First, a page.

A US federal court ruled Thursday that a retired officer’s sexual assault case against Air Force General John Hyten is allowed to proceed to the next phase. Hyten, the second-highest-ranking US military official, was accused of sexually assaulting a female officer in 2017.
Retired Army Colonel Kathryn Spletstoser accused Hyten of engaging in unwanted sexual advances toward her in a hotel room at a conference in 2017. Hyten is now the vice-chairman of the US Joint Chiefs of Staff. Spletstoser came forward with the allegation last year after President Trump nominated Hyten for the position. However, a subsequent Air Force investigation did not substantiate the misconduct accusations and the investigation cleared him before his Senate confirmation.
Hyten has denied Spletstoser’s accusations. He also argued that the lawsuit is barred by the Feres Doctrine, which prohibits service members from being sued in civil court because the alleged assault was “incident to military service.”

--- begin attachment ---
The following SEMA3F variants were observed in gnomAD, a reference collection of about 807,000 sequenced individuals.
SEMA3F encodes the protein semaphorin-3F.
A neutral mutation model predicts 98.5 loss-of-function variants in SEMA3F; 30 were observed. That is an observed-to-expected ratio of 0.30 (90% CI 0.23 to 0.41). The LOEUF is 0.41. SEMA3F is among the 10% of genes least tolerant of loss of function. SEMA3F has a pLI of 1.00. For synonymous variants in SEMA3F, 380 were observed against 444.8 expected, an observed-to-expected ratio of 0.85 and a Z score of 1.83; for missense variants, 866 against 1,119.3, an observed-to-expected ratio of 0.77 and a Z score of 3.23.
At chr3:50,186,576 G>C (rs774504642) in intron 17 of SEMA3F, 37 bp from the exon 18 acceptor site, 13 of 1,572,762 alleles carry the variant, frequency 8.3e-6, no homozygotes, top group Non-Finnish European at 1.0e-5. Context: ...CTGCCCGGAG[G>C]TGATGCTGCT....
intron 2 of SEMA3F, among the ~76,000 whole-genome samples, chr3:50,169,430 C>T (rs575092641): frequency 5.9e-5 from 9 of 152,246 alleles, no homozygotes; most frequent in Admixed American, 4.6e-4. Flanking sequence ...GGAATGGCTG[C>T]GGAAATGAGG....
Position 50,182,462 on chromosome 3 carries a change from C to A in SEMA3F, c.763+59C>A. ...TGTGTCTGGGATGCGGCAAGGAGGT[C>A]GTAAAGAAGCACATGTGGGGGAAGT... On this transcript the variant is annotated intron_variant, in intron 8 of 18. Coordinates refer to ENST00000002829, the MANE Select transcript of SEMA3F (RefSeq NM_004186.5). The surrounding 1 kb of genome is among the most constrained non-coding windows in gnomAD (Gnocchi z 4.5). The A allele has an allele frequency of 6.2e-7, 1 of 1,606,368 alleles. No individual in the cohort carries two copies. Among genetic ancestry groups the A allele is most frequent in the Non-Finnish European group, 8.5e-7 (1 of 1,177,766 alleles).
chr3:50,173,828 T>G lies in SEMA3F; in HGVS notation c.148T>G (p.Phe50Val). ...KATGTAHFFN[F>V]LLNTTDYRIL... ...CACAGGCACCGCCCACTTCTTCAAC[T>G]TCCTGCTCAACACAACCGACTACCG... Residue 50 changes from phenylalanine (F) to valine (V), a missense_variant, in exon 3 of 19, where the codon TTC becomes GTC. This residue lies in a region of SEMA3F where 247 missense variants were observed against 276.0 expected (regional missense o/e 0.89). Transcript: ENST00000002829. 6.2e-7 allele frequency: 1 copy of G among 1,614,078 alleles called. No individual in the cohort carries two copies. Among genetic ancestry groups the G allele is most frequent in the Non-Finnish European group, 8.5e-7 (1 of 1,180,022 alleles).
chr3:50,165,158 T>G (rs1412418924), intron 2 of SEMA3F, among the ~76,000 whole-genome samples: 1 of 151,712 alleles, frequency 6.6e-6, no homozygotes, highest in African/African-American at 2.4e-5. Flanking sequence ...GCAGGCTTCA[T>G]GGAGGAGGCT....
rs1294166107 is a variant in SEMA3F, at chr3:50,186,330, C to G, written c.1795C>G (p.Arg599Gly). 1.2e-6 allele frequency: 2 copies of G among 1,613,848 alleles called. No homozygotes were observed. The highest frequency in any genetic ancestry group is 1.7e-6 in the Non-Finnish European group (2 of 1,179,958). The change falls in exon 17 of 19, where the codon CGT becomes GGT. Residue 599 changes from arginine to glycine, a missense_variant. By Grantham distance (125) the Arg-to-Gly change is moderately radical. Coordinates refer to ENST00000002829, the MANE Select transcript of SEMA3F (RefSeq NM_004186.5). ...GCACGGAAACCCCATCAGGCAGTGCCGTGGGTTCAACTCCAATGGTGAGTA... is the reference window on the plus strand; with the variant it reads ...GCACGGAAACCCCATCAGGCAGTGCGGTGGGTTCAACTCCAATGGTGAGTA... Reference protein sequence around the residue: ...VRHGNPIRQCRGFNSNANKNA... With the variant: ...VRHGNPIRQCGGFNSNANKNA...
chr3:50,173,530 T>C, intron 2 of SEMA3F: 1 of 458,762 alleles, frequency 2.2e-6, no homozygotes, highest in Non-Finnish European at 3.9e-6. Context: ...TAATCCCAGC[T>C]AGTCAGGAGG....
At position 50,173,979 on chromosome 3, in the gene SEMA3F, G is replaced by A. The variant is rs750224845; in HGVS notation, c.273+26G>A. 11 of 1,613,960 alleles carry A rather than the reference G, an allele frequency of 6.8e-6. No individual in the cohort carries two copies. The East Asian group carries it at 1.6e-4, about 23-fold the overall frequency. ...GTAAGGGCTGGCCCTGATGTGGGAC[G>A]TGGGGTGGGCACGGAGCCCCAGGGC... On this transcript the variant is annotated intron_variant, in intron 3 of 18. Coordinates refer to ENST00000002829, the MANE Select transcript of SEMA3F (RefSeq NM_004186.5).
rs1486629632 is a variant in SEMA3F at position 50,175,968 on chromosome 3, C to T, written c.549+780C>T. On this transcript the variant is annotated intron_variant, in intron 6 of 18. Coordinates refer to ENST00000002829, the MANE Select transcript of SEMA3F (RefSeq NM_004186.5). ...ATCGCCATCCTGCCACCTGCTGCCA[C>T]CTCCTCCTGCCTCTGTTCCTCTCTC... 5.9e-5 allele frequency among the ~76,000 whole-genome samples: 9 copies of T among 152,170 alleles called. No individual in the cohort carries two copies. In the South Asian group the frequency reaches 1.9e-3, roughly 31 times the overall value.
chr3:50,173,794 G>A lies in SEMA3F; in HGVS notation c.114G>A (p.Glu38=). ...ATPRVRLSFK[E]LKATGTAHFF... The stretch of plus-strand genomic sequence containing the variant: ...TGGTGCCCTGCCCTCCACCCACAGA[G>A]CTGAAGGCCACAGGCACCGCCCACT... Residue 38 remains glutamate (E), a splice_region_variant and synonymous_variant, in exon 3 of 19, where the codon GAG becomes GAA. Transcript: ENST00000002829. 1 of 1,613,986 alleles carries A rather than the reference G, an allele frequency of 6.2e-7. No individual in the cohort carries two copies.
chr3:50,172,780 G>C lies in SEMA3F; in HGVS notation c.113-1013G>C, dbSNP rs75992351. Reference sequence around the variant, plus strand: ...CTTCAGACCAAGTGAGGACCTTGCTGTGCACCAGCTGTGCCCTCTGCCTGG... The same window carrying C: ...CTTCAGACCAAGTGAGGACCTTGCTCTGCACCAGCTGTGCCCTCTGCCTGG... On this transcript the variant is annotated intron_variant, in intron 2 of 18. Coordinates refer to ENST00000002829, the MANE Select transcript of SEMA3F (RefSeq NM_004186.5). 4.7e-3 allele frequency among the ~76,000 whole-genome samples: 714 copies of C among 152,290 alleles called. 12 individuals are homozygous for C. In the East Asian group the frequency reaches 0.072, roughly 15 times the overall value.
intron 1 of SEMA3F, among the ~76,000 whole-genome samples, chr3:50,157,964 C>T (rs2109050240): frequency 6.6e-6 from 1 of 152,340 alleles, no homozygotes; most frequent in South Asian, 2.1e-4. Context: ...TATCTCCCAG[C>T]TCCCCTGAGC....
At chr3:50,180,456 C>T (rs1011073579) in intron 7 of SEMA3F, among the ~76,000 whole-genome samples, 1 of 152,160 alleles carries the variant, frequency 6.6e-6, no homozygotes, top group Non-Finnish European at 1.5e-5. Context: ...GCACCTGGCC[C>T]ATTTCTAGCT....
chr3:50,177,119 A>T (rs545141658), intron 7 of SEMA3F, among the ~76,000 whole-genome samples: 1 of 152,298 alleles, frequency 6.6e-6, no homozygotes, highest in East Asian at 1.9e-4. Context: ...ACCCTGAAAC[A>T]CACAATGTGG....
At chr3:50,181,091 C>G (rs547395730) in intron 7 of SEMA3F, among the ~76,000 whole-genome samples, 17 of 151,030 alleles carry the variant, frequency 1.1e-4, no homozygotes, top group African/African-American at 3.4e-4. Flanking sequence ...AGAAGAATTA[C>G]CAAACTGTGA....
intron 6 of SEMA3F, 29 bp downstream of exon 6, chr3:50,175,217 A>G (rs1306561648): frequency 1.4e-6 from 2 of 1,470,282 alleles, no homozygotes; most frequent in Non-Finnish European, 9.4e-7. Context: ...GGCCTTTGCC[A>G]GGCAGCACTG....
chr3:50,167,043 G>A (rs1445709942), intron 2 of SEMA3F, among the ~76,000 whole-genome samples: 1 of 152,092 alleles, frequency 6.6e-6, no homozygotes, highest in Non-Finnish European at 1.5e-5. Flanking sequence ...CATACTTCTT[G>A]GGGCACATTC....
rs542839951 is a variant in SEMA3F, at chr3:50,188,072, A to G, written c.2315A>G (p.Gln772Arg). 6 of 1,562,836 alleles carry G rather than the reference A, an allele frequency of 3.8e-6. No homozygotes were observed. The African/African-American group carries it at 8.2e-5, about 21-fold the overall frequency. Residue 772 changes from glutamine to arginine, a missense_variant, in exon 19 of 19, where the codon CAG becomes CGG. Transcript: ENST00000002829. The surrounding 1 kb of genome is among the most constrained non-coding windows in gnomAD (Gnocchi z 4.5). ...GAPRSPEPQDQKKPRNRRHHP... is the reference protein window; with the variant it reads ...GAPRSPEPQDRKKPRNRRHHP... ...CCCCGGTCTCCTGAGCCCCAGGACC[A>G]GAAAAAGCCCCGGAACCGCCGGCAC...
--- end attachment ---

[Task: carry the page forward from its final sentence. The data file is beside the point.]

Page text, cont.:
The Thursday ruling by Judge Michael Fitzgerald of the US District Court for the Central District of California rejected the defense’s motions to dismiss the case and to change the venue from California to Nebraska. The judge found that the suit was not barred because “it is not conceivable that [General Hyten’s] military duties would require him to sexually assault [Spletstoser].” This was true regardless of “whether General Hyten came to Plaintiff’s hotel room under the pretense of work-related purposes.”
Air Force Major Trisha Guillebeau, a spokesperson for Hyten, said that the Department of Justice is reviewing the ruling. According to legal experts and advocates, the federal judge’s decision was rare and “could potentially chip away at such cases usually staying in the military justice system.”